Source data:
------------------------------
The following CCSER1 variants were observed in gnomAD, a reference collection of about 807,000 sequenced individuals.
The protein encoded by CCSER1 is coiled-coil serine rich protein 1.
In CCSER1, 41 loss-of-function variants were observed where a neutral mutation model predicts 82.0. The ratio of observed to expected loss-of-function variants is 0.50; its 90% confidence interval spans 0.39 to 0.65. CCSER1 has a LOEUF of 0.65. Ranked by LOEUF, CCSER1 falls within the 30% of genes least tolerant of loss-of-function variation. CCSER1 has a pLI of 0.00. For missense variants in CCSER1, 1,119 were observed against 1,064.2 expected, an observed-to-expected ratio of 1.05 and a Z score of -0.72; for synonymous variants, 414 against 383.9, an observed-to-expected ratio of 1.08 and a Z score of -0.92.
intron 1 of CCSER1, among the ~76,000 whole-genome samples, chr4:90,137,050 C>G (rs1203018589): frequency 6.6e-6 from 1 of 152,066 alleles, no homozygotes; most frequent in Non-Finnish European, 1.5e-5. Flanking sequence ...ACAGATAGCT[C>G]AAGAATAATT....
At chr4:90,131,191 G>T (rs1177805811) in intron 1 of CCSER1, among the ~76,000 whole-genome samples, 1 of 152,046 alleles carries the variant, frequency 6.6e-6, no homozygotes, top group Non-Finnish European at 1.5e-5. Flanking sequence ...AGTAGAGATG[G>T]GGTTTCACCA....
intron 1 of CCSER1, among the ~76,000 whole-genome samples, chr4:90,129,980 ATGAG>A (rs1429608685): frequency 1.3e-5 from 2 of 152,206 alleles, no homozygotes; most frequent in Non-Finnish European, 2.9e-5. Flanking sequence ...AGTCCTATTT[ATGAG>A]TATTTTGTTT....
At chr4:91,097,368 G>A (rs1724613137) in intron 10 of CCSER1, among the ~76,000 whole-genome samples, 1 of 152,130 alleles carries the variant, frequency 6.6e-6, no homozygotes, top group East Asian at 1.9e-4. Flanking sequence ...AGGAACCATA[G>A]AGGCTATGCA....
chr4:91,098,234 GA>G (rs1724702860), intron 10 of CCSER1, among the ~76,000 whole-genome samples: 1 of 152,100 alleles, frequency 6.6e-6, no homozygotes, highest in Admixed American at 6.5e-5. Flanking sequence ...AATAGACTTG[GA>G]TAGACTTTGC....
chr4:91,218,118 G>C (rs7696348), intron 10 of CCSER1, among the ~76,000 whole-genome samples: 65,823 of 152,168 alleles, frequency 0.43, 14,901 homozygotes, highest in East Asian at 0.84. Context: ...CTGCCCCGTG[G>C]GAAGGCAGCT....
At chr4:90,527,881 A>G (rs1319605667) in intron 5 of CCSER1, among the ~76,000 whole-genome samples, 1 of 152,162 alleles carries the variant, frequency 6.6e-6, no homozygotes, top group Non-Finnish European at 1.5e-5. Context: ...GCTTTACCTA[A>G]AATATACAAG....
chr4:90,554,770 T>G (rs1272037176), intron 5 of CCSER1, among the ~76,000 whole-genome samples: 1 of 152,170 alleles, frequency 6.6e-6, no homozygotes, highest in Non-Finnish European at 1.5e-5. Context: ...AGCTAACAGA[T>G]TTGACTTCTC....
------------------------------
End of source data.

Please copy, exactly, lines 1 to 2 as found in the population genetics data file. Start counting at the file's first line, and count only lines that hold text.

The following CCSER1 variants were observed in gnomAD, a reference collection of about 807,000 sequenced individuals.
The protein encoded by CCSER1 is coiled-coil serine rich protein 1.